by cyncooper on Sat Nov 04, 2006 at 03:23:29 PM EST

might matter less than the names of the doctors who suited out in their white coats to commit a crime by lying to the public on behalf of "Vote Yes for Life."

In the new ad for Vote Yes for Life, South Dakota physician Mark Rector says "This measure does provide exception for the life and the health of the mother."

Case in point: Mark Rector is the son-in-law of the egregiously unscrupulous Leslee Unruh.

by moiv on Sun Nov 05, 2006 at 06:01:20 PM EST

Cyn, you have done a GREAT job on this story.

by moiv on Sun Nov 05, 2006 at 06:02:33 PM EST
I hope readers will do everything they can to get it to people they think should see it.

Here are a few thoughts:  

-- blog about it where you can, or encourage bloggers you know.

-- let SD bloggers know about it

-- let SD media know about it. The email addresses of editors and reporters are usually available on web sites.

-- use the email icon on this story to send it to people you know who should know about it and can make a difference.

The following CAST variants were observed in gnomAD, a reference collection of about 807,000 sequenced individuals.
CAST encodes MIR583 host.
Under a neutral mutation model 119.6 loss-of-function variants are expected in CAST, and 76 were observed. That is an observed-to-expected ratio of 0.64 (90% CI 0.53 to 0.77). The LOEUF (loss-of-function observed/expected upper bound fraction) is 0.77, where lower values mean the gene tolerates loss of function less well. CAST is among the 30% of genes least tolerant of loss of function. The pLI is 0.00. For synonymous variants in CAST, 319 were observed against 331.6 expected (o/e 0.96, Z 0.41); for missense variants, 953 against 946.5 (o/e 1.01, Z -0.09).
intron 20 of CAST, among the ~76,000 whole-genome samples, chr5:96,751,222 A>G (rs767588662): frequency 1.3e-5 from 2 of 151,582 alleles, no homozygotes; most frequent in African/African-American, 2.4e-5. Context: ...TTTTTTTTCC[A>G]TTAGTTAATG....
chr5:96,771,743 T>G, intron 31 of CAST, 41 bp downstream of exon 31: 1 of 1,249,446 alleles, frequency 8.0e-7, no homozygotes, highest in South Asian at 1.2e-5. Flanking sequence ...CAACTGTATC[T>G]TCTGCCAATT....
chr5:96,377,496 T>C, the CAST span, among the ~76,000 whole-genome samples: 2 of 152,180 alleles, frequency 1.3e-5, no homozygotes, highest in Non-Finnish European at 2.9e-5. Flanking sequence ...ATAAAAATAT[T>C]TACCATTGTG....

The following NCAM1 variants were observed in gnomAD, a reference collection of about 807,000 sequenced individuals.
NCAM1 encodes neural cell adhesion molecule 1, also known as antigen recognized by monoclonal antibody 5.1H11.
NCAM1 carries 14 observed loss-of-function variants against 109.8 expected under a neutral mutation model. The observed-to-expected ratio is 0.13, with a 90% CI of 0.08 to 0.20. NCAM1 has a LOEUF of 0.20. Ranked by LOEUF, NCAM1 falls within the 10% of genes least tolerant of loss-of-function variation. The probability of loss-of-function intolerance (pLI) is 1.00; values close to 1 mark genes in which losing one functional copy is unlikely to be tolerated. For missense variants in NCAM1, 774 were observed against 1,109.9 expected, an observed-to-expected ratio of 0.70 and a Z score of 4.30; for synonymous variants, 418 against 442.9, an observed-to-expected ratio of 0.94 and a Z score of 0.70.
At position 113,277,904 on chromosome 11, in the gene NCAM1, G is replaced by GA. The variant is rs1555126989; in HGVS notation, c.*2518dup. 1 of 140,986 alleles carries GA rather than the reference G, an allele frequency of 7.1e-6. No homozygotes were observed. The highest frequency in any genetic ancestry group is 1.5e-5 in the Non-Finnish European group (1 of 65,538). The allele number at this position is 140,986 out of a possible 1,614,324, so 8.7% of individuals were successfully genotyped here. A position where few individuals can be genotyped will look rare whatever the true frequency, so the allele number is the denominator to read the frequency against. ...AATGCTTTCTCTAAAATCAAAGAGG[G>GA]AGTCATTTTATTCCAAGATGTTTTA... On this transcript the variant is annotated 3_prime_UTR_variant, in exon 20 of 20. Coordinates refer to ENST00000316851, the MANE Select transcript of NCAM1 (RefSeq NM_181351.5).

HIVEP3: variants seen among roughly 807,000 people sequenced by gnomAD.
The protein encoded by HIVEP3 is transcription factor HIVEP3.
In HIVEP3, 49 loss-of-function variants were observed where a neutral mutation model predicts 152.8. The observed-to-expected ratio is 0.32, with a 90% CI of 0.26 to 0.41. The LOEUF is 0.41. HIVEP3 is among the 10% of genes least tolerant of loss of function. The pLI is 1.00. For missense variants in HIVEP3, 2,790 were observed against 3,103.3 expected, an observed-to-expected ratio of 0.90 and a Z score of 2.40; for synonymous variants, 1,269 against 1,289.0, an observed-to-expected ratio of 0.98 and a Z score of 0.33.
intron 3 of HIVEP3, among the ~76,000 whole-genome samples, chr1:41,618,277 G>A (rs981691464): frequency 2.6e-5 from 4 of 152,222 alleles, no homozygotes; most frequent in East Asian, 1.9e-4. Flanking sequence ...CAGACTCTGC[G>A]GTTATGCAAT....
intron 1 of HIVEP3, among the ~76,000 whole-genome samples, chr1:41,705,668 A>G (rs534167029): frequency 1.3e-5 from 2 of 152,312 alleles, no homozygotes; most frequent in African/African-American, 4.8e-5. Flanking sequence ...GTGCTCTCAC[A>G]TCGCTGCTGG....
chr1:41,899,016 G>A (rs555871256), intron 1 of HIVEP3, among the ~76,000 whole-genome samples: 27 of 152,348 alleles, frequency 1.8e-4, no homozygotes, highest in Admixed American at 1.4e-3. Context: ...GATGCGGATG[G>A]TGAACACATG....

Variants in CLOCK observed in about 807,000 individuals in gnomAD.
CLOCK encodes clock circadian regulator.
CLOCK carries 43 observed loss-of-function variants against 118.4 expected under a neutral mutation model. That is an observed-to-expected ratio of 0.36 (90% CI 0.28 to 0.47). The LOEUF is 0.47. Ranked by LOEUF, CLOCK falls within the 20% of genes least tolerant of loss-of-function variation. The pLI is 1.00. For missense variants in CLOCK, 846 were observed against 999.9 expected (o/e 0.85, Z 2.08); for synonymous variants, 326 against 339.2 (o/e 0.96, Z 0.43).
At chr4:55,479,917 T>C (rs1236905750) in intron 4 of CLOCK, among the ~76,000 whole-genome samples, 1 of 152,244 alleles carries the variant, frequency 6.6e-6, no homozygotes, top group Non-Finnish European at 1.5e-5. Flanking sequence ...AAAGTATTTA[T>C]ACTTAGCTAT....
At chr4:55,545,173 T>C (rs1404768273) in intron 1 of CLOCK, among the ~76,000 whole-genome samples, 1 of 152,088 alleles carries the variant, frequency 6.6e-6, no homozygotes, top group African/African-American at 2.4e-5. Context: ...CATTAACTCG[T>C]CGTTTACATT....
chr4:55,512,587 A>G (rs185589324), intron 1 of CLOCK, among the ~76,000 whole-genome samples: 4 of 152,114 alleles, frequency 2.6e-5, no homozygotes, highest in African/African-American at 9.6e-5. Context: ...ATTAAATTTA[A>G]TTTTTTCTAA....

And don't wait. Do it now. I am going to send to a prochoice list serve I am on right now.

by Frederick Clarkson on Sun Nov 05, 2006 at 06:50:41 PM EST

Thanks for any "spreading out" ideas.  This issue needs ALL of the light and air that it can get.  The lies and deceptions are many, and the lack of corrective actions few.  South Dakotans are really being cheated by lies and manipulation, but the rest of the country will suffer horribly, and the future of the reproductive freedom is imperiled by it.

by cyncooper on Mon Nov 06, 2006 at 08:14:22 AM EST


by cyncooper on Sat Nov 04, 2006 at 05:23:06 PM EST

has this report on Dobson's November 4 rally.

James Dobson showed to a crowd of a few hundred, in the venue that holds 2500. Dobson filled stadiums back in 2004 when he was stumping for Thune and brought his hate-fest message to town. Dobson's relevance is waning and the recent scandal surrounding his partner in the "values" crusade Ted Haggard really makes Dobson look like a total idiot. While the head of the Evangelical churches and partner in crime for Dobson has been exposed in the last week for his three year involvement with a gay prostitute, Dobson tried to again pass off his "hate gay people" marriage garbage.